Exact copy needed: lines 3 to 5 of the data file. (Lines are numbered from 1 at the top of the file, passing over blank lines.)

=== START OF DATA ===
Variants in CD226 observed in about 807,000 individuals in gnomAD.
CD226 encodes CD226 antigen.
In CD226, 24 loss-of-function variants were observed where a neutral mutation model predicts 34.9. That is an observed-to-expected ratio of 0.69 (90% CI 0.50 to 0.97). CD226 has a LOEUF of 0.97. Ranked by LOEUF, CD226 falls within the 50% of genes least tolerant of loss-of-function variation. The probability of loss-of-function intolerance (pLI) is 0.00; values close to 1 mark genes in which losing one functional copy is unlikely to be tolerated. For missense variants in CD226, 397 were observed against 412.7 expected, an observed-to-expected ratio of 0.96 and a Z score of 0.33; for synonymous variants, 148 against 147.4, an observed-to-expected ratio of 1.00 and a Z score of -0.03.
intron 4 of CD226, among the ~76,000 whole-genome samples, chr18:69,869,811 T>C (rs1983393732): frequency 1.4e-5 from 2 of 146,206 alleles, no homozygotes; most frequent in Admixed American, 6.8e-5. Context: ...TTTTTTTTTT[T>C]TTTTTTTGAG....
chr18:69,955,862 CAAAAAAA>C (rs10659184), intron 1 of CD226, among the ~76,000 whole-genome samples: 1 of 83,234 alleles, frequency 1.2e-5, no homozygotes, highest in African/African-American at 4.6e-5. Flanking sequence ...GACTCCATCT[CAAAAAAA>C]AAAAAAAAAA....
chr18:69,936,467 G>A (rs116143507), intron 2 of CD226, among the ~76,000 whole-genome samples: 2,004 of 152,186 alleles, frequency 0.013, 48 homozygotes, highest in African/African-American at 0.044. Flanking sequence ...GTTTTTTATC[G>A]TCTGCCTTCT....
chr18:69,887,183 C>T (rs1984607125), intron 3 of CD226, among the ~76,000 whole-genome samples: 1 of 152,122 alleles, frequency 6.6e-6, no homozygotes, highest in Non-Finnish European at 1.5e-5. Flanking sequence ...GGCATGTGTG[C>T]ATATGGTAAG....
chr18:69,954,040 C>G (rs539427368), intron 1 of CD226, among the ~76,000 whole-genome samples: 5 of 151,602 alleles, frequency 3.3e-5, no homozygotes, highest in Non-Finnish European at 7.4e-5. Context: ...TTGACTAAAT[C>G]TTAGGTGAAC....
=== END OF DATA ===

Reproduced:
In CD226, 24 loss-of-function variants were observed where a neutral mutation model predicts 34.9. That is an observed-to-expected ratio of 0.69 (90% CI 0.50 to 0.97). CD226 has a LOEUF of 0.97. Ranked by LOEUF, CD226 falls within the 50% of genes least tolerant of loss-of-function variation. The probability of loss-of-function intolerance (pLI) is 0.00; values close to 1 mark genes in which losing one functional copy is unlikely to be tolerated. For missense variants in CD226, 397 were observed against 412.7 expected, an observed-to-expected ratio of 0.96 and a Z score of 0.33; for synonymous variants, 148 against 147.4, an observed-to-expected ratio of 1.00 and a Z score of -0.03.
intron 4 of CD226, among the ~76,000 whole-genome samples, chr18:69,869,811 T>C (rs1983393732): frequency 1.4e-5 from 2 of 146,206 alleles, no homozygotes; most frequent in Admixed American, 6.8e-5. Context: ...TTTTTTTTTT[T>C]TTTTTTTGAG....
chr18:69,955,862 CAAAAAAA>C (rs10659184), intron 1 of CD226, among the ~76,000 whole-genome samples: 1 of 83,234 alleles, frequency 1.2e-5, no homozygotes, highest in African/African-American at 4.6e-5. Flanking sequence ...GACTCCATCT[CAAAAAAA>C]AAAAAAAAAA....